The child handed them a piece of paper from a packet his mother had sewn into his pants before he and his father left home. The paper contained phone numbers of people his family knew in the United States, as well his mother's phone number in Guatemala.
While a caseworker was still with them collecting intake information, they called the mom's phone, and she answered.
"He was overcome," Jen said of the boy. "He couldn't talk. He was crying so hard he was almost to the point of being sick."
But over the past eight months, the boy opened up, telling them the story of his and his father's treacherous journey to what they thought would be the land of promise.
It's a story the couple says is similar to that of other children in their care who have been separated from their parents under the Trump administration's "zero-tolerance" policy for dealing with undocumented immigrants illegally crossing the southern border.
The couple -- who have three biological children, ages 9 through 14 -- are also caring for an 8-year-old girl and a 5-year-old boy, both from Honduras.
"You know, there is the side that this is an illegal action," Karl told ABC News of the families caught sneaking across the border. "I don't think that we [can] look past that, but I think we also see there's a need. Why are people doing this? It's usually because of extreme poverty and lack of opportunity or gang violence. Violence where if you don't join the gang, then, 'We're going to kill somebody in your family.'"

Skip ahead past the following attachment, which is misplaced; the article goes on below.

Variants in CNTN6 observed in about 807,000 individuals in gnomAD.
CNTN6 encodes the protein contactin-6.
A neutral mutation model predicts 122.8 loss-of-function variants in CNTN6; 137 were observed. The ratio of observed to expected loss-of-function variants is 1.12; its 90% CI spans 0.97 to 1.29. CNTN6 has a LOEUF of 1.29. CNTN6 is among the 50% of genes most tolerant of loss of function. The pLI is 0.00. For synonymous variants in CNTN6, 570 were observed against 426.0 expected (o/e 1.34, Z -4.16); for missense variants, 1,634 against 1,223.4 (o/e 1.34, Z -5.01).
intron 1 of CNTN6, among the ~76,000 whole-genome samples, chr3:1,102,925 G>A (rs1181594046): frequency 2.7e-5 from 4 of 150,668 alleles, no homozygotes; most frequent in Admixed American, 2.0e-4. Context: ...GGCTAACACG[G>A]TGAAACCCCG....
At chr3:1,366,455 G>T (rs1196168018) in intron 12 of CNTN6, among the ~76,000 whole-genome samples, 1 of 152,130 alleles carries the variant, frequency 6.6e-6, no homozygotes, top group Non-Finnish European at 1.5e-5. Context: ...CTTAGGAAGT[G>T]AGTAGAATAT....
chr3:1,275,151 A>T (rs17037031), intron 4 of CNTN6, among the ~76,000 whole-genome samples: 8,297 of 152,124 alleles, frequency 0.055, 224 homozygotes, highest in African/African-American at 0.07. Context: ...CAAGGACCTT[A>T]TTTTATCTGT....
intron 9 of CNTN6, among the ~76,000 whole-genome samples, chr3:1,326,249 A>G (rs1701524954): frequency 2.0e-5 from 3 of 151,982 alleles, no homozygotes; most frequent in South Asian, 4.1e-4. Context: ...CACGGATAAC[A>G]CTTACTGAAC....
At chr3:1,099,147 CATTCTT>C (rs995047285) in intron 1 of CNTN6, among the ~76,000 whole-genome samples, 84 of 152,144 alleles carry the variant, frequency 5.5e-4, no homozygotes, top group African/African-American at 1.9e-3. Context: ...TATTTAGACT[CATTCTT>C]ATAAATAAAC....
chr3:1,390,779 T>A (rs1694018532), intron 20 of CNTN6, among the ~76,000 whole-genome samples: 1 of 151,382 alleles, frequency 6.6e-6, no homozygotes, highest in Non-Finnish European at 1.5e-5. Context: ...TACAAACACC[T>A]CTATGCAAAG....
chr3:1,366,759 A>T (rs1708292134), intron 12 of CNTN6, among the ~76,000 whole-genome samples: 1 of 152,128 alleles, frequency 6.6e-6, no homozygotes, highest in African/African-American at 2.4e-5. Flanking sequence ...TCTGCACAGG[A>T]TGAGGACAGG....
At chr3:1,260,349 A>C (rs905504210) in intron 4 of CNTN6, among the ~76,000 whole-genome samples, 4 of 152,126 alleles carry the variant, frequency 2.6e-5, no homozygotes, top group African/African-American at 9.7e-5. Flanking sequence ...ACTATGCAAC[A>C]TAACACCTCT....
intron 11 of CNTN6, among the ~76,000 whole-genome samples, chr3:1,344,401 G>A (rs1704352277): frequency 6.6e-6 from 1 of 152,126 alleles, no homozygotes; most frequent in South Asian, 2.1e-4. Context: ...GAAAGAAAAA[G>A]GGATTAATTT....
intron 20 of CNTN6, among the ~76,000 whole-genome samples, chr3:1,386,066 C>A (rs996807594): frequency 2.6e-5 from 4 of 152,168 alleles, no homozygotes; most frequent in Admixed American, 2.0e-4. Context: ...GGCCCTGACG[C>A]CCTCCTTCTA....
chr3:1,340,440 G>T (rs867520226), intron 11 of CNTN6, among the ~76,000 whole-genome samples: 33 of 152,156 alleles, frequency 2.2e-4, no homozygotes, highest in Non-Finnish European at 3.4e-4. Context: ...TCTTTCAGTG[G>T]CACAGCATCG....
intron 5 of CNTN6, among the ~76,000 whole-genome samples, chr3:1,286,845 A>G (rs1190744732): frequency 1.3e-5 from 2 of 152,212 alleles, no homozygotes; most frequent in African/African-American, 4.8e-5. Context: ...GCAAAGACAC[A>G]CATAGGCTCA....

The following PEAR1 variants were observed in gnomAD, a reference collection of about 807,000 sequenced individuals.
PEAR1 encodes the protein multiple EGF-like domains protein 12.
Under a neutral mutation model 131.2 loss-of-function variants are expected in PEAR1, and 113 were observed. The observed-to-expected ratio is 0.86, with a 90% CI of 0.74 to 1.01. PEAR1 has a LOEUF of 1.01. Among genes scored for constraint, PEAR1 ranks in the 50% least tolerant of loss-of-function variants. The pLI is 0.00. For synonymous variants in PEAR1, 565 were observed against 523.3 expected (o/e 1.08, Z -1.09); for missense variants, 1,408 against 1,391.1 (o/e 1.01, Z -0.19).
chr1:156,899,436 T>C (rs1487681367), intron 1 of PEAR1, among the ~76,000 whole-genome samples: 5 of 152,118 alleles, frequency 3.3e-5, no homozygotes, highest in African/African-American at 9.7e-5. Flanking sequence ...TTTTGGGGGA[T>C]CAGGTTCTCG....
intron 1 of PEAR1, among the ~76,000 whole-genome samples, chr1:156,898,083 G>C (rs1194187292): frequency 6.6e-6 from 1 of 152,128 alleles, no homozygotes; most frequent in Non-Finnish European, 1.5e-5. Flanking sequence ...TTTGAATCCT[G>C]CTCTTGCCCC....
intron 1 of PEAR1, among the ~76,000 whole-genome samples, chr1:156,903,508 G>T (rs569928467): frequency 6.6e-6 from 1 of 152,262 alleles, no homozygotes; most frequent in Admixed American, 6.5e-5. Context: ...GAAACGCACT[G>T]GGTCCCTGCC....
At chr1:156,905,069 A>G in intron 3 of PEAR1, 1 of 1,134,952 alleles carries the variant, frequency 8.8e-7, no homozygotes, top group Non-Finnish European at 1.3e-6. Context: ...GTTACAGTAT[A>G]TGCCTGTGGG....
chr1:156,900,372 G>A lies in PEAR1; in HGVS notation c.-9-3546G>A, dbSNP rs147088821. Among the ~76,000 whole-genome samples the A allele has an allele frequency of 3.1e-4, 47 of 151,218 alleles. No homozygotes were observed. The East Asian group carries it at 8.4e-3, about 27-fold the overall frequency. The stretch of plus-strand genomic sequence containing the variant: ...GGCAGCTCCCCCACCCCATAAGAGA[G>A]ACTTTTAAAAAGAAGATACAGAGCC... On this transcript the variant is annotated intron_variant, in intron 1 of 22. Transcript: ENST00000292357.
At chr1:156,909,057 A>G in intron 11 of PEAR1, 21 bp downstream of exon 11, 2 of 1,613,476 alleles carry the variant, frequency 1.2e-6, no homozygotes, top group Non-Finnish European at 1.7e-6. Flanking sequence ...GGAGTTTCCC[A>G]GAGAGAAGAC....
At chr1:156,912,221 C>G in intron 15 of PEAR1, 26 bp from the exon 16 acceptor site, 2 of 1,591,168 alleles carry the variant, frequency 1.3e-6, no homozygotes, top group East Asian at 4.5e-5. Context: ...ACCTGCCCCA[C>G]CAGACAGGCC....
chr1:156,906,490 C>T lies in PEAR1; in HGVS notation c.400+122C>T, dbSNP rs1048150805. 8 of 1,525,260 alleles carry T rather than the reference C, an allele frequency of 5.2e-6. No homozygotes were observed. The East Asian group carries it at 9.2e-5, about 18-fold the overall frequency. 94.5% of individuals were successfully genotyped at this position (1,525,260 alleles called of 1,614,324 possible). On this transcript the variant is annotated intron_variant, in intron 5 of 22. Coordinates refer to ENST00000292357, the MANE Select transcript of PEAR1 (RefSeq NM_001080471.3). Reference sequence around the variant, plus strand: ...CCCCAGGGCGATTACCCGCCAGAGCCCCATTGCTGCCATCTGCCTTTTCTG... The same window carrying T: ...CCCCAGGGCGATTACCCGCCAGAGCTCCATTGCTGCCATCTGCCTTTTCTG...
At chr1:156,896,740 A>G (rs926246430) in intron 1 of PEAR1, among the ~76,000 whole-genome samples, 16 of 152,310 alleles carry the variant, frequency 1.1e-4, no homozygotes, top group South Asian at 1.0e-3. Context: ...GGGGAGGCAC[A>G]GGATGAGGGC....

Initially, she said, they communicated with the boy by using toy cars to indicate how he and his father traveled.
"We know he saw [his father] go away in handcuffs," Jen said. "We know he traveled in the back of a truck at night and he got sick and threw up. We know that he was in a bus and it appears that he may have been in a luggage compartment of a bus.
Samuel has "hopes and dreams of being a pilot someday," Jen said.
"He wants the opportunity of America, but he wants his family," she added.
Dona Abbott, director of refugee services for Bethany Christian Services in Michigan, said that since April, when Attorney General Jeff Sessions announced strict enforcement of the administration's "zero-tolerance" policy, the number of undocumented children her agency places in foster care has skyrocketed.
"We underestimate the danger" of separating children from their parents, Abbott told ABC News. "Many kids are having nightmares, can't eat, can't sleep ... don't know where their parents are. The last image they have of their parents is shock and fear ... the memory never goes away.
"We are being asked to care for more and more children ... I don't know how much worse it could be."